The relevant legislation that is applicable in the context of criminal conviction and immigration is the Immigration and Refugee Protection Act, often referred to as IRPA. Specifically, section 36(1)(a) of Canada’s IRPA states that:
a permanent resident is inadmissible to Canada for having been convicted in Canada of an offence under an Act of Parliament punishable by a maximum term of imprisonment of at least 10 years, or of an offence under an Act of Parliament for which a term of imprisonment of more than six months has been imposed. As well, a permanent resident will not have the right to appeal an inadmissibility determination if they were sentenced to a term of imprisonment of six months or more.
Of interesting note is that according to the Federal Court’s decision in Canada (Minister of Citizenship and Immigration) v. Atwal, 2004 FC 7, pre-sentence custody forms part of the “term of imprisonment” under IRPA s. 64(2). So, what all this means is that if a convicted person’s sentence meets any one of the aforesaid length of imprisonment, then he or she will likely face immigration consequences such as a permanent loss of status.
The Underlying Principles of the Canadian Justice System with Respect to Immigration Issues
Facing a potential criminal conviction can seriously impact your immigration status to the extent of a possible deportation from Canada. It is helpful to understand the Supreme Court of Canada’s (SCC) position on the issue of the relationship between a criminal conviction and one’s Canadian immigration status. The SCC adopted the decision of the Ontario Court of Appeal in R. v. Hamilton (2004), where Doherty JA noted that:
“…the risk of deportation cannot justify a sentence which is inconsistent with the fundamental purpose and the principles of sentencing identified in the Criminal Code. The sentencing process cannot be used to circumvent the provisions and policies of the Immigration and Refugee Act. As indicated above, however, there is seldom only one correct sentencing response. The risk of deportation can be a factor to be taken into consideration in choosing among the appropriate sentencing responses and tailoring the sentence to best fit the crime and the offender…If a trial judge were to decide that a sentence at or near two years was the appropriate sentence in all of the circumstances for [the offender], the trial judge could look at the deportation consequences for [the offender] of imposing a sentence of two years less a day as opposed to a sentence of two years. I see this as an example of the human face of the sentencing process. If the future prospects of an offender… can be assisted or improved by imposing a sentence of two years less a day rather than two years, it is entirely in keeping with the principles and objectives of sentencing to impose the shorter sentence. While the assistance afforded to [the offender] by the imposition of a sentence of two years less a day rather than two years may be relatively small, there is no countervailing negative impact on broader societal interests occasioned by the imposition of that sentence…”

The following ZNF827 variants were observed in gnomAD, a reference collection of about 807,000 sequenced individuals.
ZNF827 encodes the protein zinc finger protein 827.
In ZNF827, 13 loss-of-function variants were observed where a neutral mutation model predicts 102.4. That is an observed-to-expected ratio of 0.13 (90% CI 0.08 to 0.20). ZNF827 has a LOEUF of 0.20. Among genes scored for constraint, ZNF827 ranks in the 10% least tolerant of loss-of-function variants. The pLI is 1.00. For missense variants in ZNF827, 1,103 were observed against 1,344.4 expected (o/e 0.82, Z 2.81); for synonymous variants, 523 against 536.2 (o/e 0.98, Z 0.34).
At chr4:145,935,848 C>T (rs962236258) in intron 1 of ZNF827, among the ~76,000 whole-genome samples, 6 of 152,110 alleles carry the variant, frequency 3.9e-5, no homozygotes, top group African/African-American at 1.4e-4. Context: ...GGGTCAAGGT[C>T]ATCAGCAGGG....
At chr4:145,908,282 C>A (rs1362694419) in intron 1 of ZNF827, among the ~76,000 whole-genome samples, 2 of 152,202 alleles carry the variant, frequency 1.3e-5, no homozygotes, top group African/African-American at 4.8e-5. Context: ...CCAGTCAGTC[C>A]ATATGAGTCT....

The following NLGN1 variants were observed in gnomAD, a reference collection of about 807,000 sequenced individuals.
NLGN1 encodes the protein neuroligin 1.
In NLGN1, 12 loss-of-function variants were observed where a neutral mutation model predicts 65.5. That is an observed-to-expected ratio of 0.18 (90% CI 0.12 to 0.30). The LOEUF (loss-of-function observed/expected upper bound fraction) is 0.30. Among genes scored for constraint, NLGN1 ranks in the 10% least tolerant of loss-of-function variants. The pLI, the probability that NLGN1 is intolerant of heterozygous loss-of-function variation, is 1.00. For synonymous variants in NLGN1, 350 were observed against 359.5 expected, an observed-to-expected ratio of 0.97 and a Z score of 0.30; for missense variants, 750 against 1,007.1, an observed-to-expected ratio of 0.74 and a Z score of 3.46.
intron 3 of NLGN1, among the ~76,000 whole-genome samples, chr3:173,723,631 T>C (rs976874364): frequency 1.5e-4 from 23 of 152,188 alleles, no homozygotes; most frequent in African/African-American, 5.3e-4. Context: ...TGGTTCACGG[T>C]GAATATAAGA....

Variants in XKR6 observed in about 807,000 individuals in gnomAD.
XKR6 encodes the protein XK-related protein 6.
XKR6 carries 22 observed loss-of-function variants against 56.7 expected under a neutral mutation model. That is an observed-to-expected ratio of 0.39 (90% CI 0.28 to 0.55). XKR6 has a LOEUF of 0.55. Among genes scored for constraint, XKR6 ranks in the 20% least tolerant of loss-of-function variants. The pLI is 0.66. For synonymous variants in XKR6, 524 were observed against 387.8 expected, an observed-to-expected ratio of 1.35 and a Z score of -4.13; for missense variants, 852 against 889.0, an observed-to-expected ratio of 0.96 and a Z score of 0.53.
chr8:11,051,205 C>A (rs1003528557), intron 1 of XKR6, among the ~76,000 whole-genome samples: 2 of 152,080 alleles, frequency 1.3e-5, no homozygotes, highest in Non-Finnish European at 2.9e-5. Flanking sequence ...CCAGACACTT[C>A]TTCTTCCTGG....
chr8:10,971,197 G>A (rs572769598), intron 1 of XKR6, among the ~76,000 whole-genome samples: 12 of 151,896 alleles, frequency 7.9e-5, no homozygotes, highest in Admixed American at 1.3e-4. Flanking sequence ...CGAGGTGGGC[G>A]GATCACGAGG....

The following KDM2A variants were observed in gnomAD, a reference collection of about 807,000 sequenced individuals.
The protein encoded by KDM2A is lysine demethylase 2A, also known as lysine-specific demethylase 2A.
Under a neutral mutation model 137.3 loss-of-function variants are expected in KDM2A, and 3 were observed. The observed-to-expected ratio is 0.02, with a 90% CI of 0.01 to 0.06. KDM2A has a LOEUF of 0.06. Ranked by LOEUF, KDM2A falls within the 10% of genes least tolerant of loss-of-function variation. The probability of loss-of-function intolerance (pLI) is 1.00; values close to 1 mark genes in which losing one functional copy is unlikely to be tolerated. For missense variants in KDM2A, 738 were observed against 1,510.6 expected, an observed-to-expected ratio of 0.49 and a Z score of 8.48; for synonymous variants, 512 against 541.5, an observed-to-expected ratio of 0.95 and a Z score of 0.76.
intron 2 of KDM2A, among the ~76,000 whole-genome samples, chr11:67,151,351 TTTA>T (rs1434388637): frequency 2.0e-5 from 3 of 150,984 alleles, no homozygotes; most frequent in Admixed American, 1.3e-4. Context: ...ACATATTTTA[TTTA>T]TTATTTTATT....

The SCC noted two additional principles to the aforementioned to appellate level courts reviewing sentences. First, where the issue of immigration consequences is brought to a trial judge’s attention and the trial judge applies the proper sentencing principles but nevertheless decides on a two-year sentence, then, absent fresh evidence, deference is owed to that decision. Second, an appellate court has the authority to intervene where appropriate if the sentencing judge was not aware of the collateral immigration consequences of the sentence for the offender, or if counsel had failed to advise the judge on this issue.
What Impact does a Conditional Sentence have on Immigration?
In the SCC case of R. v. Tran, the SCC determined that conditional sentences are not terms of imprisonment for the purpose of determining admissibility and appeal rights. The SCC determined this for three reasons. These are as follows:
- First, it held that because conditional sentences generally indicate less “serious criminality” than jail terms, interpreting a “term of imprisonment of more than six months” as including both prison sentences and conditional sentences undermines the efficacy of using length alone to evaluate the length of criminality.
- Second, in response to a suggestion by the government that because stakeholders had proposed amendments raising in part the conditional sentence issue during the legislative drafting process, and because the government proceeded with the text as written without adopting the amendments anyway that this meant that Parliament intended that conditional sentences were terms of imprisonment, the SCC ruled that this was not persuasive because the recommended amendments addressed more than just conditional sentences.
- Third, the SCC held that public safety was not enhanced by deporting less culpable offenders who had received conditional sentences exceeding six months rather than possibly more dangerous offenders who had received sentences of five months (for example) simply because the criminal courts treat conditional sentences more leniently than jail terms. The SCC specifically noted that conditional sentences are designed as an alternative to incarceration in order to encourage rehabilitation, reduce the rate of incarceration, and improve the effectiveness of sentencing. It would be absurd if the consequence of going through a process to encourage rehabilitation simply led to deportation.
The Take Away
If you are concerned about your immigration status in relation to your criminal charge(s), contact our office and book a 30-minute free consultation to learn about the position you are in and how the lawyers at Aitken Robertson can assist your case.